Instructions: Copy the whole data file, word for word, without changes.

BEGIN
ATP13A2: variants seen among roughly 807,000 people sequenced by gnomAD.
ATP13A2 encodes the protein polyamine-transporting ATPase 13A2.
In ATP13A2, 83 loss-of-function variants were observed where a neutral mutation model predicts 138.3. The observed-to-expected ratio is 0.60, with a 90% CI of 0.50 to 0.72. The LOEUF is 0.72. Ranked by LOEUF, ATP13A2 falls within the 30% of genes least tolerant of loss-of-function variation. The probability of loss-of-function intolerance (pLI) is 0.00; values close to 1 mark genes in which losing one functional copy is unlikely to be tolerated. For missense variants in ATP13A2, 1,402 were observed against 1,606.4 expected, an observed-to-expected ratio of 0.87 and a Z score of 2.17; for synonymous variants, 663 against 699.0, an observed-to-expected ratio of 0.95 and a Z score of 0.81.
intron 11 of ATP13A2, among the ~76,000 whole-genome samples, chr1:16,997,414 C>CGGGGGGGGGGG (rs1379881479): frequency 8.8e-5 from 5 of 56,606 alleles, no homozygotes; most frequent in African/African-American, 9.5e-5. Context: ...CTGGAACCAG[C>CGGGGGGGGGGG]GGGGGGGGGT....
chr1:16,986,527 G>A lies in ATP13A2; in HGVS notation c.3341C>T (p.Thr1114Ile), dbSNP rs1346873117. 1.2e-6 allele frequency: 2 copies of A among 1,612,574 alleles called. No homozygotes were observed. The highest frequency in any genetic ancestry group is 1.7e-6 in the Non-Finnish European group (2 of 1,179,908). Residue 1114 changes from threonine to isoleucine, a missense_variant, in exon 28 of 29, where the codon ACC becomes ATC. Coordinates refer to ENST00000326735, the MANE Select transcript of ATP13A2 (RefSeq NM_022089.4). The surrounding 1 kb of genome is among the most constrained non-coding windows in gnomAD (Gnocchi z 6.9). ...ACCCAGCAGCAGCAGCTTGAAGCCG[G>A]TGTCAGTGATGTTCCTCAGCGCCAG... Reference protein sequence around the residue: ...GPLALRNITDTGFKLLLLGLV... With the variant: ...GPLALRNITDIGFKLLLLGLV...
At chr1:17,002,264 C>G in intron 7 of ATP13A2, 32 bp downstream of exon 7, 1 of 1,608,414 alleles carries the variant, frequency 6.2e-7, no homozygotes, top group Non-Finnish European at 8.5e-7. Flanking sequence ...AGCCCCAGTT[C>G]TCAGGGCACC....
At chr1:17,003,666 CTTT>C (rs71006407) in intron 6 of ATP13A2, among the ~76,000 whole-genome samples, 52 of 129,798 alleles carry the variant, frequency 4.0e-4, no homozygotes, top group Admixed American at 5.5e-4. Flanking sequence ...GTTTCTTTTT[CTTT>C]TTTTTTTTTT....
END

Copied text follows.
ATP13A2: variants seen among roughly 807,000 people sequenced by gnomAD.
ATP13A2 encodes the protein polyamine-transporting ATPase 13A2.
In ATP13A2, 83 loss-of-function variants were observed where a neutral mutation model predicts 138.3. The observed-to-expected ratio is 0.60, with a 90% CI of 0.50 to 0.72. The LOEUF is 0.72. Ranked by LOEUF, ATP13A2 falls within the 30% of genes least tolerant of loss-of-function variation. The probability of loss-of-function intolerance (pLI) is 0.00; values close to 1 mark genes in which losing one functional copy is unlikely to be tolerated. For missense variants in ATP13A2, 1,402 were observed against 1,606.4 expected, an observed-to-expected ratio of 0.87 and a Z score of 2.17; for synonymous variants, 663 against 699.0, an observed-to-expected ratio of 0.95 and a Z score of 0.81.
intron 11 of ATP13A2, among the ~76,000 whole-genome samples, chr1:16,997,414 C>CGGGGGGGGGGG (rs1379881479): frequency 8.8e-5 from 5 of 56,606 alleles, no homozygotes; most frequent in African/African-American, 9.5e-5. Context: ...CTGGAACCAG[C>CGGGGGGGGGGG]GGGGGGGGGT....
chr1:16,986,527 G>A lies in ATP13A2; in HGVS notation c.3341C>T (p.Thr1114Ile), dbSNP rs1346873117. 1.2e-6 allele frequency: 2 copies of A among 1,612,574 alleles called. No homozygotes were observed. The highest frequency in any genetic ancestry group is 1.7e-6 in the Non-Finnish European group (2 of 1,179,908). Residue 1114 changes from threonine to isoleucine, a missense_variant, in exon 28 of 29, where the codon ACC becomes ATC. Coordinates refer to ENST00000326735, the MANE Select transcript of ATP13A2 (RefSeq NM_022089.4). The surrounding 1 kb of genome is among the most constrained non-coding windows in gnomAD (Gnocchi z 6.9). ...ACCCAGCAGCAGCAGCTTGAAGCCG[G>A]TGTCAGTGATGTTCCTCAGCGCCAG... Reference protein sequence around the residue: ...GPLALRNITDTGFKLLLLGLV... With the variant: ...GPLALRNITDIGFKLLLLGLV...
At chr1:17,002,264 C>G in intron 7 of ATP13A2, 32 bp downstream of exon 7, 1 of 1,608,414 alleles carries the variant, frequency 6.2e-7, no homozygotes, top group Non-Finnish European at 8.5e-7. Flanking sequence ...AGCCCCAGTT[C>G]TCAGGGCACC....
At chr1:17,003,666 CTTT>C (rs71006407) in intron 6 of ATP13A2, among the ~76,000 whole-genome samples, 52 of 129,798 alleles carry the variant, frequency 4.0e-4, no homozygotes, top group Admixed American at 5.5e-4. Flanking sequence ...GTTTCTTTTT[CTTT>C]TTTTTTTTTT....